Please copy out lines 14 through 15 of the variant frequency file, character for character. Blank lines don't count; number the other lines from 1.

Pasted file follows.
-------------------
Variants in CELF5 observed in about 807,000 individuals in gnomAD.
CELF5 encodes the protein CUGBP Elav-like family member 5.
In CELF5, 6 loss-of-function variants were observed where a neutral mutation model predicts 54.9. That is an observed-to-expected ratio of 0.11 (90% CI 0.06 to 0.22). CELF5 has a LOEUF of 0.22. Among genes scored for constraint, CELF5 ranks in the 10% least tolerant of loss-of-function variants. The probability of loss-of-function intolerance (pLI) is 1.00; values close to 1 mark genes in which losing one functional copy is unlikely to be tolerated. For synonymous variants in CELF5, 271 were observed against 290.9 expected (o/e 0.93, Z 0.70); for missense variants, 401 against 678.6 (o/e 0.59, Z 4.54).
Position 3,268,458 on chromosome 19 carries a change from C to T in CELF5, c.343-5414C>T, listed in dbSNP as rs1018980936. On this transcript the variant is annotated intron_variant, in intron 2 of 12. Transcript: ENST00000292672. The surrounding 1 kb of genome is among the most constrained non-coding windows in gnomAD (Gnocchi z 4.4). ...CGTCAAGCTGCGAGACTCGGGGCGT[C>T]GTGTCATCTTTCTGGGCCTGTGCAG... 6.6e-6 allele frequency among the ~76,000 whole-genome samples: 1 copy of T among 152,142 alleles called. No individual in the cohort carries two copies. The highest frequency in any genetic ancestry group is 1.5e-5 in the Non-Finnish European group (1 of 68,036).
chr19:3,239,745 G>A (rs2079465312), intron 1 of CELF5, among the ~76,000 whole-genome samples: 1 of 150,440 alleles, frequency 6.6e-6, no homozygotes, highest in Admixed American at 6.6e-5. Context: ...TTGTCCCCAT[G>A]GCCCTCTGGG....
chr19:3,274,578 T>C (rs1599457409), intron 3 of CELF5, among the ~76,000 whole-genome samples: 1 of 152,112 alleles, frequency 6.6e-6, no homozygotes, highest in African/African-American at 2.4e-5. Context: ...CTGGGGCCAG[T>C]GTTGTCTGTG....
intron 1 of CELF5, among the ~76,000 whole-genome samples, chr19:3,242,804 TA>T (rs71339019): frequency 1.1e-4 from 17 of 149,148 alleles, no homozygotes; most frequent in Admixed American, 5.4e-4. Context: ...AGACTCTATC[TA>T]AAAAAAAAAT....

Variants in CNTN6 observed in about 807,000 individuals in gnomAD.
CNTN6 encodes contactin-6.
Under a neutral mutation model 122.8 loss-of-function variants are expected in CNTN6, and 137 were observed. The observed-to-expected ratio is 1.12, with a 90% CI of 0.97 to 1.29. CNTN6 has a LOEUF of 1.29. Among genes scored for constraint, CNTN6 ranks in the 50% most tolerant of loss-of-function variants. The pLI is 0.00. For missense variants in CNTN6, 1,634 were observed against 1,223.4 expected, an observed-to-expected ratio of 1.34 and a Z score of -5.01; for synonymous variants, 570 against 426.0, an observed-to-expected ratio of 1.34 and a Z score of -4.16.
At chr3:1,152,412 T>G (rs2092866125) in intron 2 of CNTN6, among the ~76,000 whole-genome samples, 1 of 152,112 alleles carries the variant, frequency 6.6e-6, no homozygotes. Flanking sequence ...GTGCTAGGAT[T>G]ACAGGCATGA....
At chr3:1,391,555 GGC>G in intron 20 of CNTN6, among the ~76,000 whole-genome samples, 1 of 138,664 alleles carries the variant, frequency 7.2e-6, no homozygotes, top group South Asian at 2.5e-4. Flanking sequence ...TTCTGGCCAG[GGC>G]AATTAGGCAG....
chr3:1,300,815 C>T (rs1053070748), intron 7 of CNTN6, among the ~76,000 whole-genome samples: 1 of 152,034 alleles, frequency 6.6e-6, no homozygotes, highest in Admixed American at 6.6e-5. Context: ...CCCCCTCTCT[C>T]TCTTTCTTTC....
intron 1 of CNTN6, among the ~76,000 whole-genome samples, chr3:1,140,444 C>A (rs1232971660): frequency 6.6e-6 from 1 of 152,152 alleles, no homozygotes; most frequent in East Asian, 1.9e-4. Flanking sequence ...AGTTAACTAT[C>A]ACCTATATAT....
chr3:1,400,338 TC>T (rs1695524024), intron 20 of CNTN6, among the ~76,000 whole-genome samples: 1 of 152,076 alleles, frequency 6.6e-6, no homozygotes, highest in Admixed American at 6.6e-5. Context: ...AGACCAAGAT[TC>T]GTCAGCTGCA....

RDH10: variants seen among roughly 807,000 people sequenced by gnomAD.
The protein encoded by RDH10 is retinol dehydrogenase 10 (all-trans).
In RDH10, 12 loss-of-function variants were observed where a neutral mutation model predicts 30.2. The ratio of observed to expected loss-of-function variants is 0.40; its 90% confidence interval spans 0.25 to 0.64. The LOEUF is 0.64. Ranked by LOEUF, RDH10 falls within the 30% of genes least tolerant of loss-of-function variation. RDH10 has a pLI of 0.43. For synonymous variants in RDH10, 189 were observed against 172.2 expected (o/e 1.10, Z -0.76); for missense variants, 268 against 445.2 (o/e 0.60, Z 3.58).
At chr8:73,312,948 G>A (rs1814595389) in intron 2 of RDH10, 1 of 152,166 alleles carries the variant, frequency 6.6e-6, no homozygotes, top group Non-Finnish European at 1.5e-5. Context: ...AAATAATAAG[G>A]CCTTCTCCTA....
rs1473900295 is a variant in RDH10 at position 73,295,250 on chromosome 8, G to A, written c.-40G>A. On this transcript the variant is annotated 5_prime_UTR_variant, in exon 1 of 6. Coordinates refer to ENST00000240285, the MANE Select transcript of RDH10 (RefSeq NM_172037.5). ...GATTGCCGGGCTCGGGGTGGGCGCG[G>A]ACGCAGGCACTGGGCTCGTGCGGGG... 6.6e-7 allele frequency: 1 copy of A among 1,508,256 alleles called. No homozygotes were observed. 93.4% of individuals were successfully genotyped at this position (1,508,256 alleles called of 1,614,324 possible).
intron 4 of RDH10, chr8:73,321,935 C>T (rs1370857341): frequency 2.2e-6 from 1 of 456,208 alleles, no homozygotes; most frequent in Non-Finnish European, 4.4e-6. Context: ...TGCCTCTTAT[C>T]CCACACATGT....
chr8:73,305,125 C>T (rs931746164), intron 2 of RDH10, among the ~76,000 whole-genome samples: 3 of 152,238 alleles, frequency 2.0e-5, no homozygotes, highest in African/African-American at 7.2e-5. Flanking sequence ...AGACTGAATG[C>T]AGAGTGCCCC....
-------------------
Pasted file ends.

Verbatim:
intron 1 of CNTN6, among the ~76,000 whole-genome samples, chr3:1,140,444 C>A (rs1232971660): frequency 6.6e-6 from 1 of 152,152 alleles, no homozygotes; most frequent in East Asian, 1.9e-4. Flanking sequence ...AGTTAACTAT[C>A]ACCTATATAT....
chr3:1,400,338 TC>T (rs1695524024), intron 20 of CNTN6, among the ~76,000 whole-genome samples: 1 of 152,076 alleles, frequency 6.6e-6, no homozygotes, highest in Admixed American at 6.6e-5. Context: ...AGACCAAGAT[TC>T]GTCAGCTGCA....